Ben Cherington wasn’t a bad general manager. But there were always questions as to who may be pulling the strings; him, or ownership. Bobby Valentine is a good example of someone that Cherington never publicly lobbied for, yet ended up being hired; only to manage the team to a dismal losing season.
“The right man at the right time,” John Henry referred to Bobby V as.
Big Ben and the boys were a part of constructing three time world champions, with Cherington being an integral part of the front office since 1999, as an area scout. Much like Tito, Cherington’s ship simply ran its course. He was relieved of his duties in favor of Dave Dombrowski when the Red Sox fell to 11 games below .500 in 2015, which was met with general satisfaction by the public, media, and organization.
Dombrowski came to Boston with a heck of a track record. He led the then-Florida Marlins to a 1997 World Series title, which concluded in a free agent fire sale, resulting in many consecutive losing seasons, and the subsequent firing of DD. But he recovered nicely, leading the Tigers to four straight division banners, just a few seasons removed from the organization losing a pathetic 119 games. But once again, the GM was given the heave-ho, after delivering a pair of pennants to the city of Detroit, but falling short in both World Series appearances.
The aforementioned moves have led the 61 year old Illinois native to his current role with the Boston Red Sox, as general manager/president of baseball operations. He’s been incredibly active on the transactions front, which has been his modus operandi throughout his executive career. What the team has done under him is well documented, as you’d be hard pressed to find a Red Sox fan who hasn’t been made aware of back to back division titles of identical records; with a whopping one playoff victory.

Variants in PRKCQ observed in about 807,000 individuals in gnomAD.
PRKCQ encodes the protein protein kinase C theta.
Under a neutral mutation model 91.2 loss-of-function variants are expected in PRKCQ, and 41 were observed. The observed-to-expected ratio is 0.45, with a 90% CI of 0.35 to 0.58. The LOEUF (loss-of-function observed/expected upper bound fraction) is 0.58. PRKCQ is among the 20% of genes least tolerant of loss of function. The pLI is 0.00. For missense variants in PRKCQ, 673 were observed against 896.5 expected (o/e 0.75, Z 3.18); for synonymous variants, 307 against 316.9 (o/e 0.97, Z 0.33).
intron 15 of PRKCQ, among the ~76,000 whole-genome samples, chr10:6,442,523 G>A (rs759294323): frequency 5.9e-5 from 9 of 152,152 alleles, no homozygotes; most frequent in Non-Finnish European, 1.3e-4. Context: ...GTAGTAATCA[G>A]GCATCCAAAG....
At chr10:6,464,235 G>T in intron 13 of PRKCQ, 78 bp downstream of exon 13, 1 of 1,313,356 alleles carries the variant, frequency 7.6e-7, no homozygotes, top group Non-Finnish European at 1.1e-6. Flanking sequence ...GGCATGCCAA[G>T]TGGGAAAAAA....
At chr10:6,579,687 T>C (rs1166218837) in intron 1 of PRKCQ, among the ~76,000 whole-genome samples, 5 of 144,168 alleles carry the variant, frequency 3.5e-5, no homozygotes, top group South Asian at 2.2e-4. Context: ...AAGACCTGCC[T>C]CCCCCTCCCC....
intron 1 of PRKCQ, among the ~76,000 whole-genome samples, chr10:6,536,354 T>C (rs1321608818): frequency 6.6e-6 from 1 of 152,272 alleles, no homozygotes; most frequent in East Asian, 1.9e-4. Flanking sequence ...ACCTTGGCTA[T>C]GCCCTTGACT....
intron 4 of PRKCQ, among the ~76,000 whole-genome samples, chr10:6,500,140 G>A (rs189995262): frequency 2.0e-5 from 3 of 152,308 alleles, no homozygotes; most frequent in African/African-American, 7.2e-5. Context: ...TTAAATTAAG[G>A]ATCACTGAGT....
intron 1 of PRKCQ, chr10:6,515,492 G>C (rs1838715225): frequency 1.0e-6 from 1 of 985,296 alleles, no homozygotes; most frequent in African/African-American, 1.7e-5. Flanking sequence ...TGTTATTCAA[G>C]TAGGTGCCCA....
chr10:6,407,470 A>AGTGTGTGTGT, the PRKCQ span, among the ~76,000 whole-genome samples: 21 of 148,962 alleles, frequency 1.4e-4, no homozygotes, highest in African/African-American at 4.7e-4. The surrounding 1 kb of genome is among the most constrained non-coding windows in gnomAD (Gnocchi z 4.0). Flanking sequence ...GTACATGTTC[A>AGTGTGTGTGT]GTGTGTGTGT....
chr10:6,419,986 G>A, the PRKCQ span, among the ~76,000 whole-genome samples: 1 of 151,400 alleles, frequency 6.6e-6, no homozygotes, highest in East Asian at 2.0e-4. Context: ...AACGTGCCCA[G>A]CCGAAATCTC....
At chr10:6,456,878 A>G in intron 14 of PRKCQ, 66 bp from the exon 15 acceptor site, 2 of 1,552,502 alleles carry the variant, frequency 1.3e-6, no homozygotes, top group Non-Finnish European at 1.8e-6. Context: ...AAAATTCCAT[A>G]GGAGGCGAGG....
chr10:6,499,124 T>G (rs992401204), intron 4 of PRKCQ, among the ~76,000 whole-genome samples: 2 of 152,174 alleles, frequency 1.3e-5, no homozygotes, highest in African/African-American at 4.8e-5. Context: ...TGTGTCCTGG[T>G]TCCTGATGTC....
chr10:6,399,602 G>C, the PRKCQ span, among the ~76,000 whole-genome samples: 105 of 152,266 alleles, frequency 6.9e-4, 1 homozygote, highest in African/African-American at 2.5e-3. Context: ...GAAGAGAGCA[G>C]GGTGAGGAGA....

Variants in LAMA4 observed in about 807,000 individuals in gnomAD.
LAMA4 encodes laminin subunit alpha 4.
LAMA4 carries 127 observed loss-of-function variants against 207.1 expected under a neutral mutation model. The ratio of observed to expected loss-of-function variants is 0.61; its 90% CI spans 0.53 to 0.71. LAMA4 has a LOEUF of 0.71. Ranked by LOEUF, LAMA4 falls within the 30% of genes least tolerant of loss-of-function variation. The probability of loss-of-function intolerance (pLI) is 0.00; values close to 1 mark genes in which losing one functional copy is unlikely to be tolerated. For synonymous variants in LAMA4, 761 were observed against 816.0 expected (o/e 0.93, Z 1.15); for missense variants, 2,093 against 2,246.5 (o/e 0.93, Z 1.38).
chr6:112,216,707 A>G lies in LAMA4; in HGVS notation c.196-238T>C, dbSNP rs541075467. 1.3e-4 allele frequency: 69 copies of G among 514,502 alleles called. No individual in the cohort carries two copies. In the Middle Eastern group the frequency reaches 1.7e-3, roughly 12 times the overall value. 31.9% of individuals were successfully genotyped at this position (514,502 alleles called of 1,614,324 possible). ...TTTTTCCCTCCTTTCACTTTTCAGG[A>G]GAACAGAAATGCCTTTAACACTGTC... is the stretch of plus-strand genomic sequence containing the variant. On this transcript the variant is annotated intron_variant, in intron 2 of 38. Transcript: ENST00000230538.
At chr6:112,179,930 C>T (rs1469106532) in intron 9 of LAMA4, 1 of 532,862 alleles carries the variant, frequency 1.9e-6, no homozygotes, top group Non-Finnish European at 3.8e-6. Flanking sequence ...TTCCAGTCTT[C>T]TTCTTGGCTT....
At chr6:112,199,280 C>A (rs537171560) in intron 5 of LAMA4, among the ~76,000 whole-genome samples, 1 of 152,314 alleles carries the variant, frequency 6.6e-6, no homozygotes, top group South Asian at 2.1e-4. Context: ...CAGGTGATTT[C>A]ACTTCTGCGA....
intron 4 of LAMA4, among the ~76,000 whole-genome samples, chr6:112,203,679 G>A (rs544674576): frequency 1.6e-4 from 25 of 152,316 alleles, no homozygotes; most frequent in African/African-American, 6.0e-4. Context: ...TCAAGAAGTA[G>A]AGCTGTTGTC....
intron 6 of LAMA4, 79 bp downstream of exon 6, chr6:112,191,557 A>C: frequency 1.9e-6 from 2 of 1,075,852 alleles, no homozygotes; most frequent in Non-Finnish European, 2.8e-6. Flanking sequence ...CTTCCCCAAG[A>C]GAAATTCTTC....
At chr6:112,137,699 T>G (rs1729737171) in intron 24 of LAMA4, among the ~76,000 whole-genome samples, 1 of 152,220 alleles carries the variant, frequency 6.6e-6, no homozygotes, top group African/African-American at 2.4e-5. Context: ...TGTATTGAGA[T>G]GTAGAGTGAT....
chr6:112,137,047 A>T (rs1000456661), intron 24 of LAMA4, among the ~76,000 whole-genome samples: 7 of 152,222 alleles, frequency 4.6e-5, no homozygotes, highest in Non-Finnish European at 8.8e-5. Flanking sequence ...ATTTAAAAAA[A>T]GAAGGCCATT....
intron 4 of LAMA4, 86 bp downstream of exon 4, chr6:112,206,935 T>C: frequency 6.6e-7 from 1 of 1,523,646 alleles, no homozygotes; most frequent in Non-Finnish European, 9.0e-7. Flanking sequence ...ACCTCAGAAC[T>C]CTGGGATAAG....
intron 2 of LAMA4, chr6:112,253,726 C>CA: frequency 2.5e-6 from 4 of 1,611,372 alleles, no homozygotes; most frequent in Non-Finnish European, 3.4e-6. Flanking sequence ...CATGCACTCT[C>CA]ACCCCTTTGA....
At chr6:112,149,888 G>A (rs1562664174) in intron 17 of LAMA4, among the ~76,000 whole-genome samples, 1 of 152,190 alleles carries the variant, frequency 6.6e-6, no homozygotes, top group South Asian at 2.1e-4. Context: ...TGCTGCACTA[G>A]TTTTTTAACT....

But if that isn’t sufficient enough to retain John’s job, why should it be allowed to save Dave’s? Certainly, his personality isn’t responsible for his job safety.
“That’s really something I’m going to keep to myself,” Dombrowski said, when pressed at his presser for reasons of firing Farrell.
“It went fine,” DD told the Boston Herald, in regards to Alex Cora’s managerial interview.
What is this guy, a fucking Roomba? Even Popovich throws the media an occasional bone; same with Belichick. Personality doesn’t win championships. It doesn’t hit a ball over the Monster, nor does it reduce time on a disabled list stint. But it’s not going to hurt your cause, either.
So here we are, Sox Nation, watching the championship series’ without a dog in the fight for the fourth consecutive season. This time, with significant weaknesses from both a leadership and talent standpoint. On top of no current manager, nary a cleanup hitter, and perhaps most significantly, much of a farm system.
How long, exactly, does the president of baseball ops have to build a championship here, in a region where we are finally used to winning? Forget the 86 year drought; the Red Sox of the 2000’s are expected to be annual championship contenders. That’s the result of three World Series’ since the dawn of the millennia. Yes, his trades and signings have brought good, if not great players to Boston. A true two this year, Drew Pomeranz, was acquired for a pitcher who’s now undergoing TJ surgery. Travis Shaw won’t be missed thanks to Rafy Devers, plus Chris Sale and Craig Kimbrel are perennial all-stars. Even Doug Fister graced us with a one hitter.. but a majority of the transactions have been responsible for decimating the A level affiliates, leaving the upcoming decade in the hands of Devers, Jay Groome, and Michael Chavis, at least for the time being.
Has Dave Dombrowski benefited the organization, to the point of earning himself job security through the 2018, 2019, or even 2020 season? I don’t know. I’m personally not enamored with the direction the franchise is heading in. Boston is constantly in win-now, but continue to build for the future mode. The problem is, we’re not winning. We’re not building for the future. The front office is continuing to sign and acquire hefty contracts, while simultaneously failing to develop pitchers in the minor leagues, or make a deep playoff run. Yes, that is on the players, manager, and coaching staff. It’s also the responsibility of John Henry and the rest of the front office; but with the dismissal of Manager John, the organization is out of scapegoats.
If New York, Houston, Cleveland and the Cubs can win games, sign quality free agents, draft well, and play deep into October, Boston needs to as well if they want to compete not just today, but tomorrow too; I wouldn’t say Dave’s quite on the hot seat yet, but things might start to get toasty soon.